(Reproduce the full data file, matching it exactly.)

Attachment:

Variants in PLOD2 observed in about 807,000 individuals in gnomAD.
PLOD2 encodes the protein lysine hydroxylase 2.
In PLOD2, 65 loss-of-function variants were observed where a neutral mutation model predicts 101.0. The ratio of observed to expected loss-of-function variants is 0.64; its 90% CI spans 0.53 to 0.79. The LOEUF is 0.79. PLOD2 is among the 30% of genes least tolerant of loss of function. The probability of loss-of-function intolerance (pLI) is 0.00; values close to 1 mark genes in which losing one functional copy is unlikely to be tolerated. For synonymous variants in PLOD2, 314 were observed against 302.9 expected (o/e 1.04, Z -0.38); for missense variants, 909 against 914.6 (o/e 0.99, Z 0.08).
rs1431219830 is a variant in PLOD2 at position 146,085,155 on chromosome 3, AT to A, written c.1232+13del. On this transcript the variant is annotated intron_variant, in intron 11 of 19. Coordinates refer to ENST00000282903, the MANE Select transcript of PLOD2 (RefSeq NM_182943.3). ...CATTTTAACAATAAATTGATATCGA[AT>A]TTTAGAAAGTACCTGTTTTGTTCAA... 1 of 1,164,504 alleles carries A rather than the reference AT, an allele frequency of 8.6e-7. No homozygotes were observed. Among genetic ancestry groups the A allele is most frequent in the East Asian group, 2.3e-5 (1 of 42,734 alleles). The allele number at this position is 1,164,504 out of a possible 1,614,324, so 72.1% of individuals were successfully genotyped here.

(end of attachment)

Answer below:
Variants in PLOD2 observed in about 807,000 individuals in gnomAD.
PLOD2 encodes the protein lysine hydroxylase 2.
In PLOD2, 65 loss-of-function variants were observed where a neutral mutation model predicts 101.0. The ratio of observed to expected loss-of-function variants is 0.64; its 90% CI spans 0.53 to 0.79. The LOEUF is 0.79. PLOD2 is among the 30% of genes least tolerant of loss of function. The probability of loss-of-function intolerance (pLI) is 0.00; values close to 1 mark genes in which losing one functional copy is unlikely to be tolerated. For synonymous variants in PLOD2, 314 were observed against 302.9 expected (o/e 1.04, Z -0.38); for missense variants, 909 against 914.6 (o/e 0.99, Z 0.08).
rs1431219830 is a variant in PLOD2 at position 146,085,155 on chromosome 3, AT to A, written c.1232+13del. On this transcript the variant is annotated intron_variant, in intron 11 of 19. Coordinates refer to ENST00000282903, the MANE Select transcript of PLOD2 (RefSeq NM_182943.3). ...CATTTTAACAATAAATTGATATCGA[AT>A]TTTAGAAAGTACCTGTTTTGTTCAA... 1 of 1,164,504 alleles carries A rather than the reference AT, an allele frequency of 8.6e-7. No homozygotes were observed. Among genetic ancestry groups the A allele is most frequent in the East Asian group, 2.3e-5 (1 of 42,734 alleles). The allele number at this position is 1,164,504 out of a possible 1,614,324, so 72.1% of individuals were successfully genotyped here.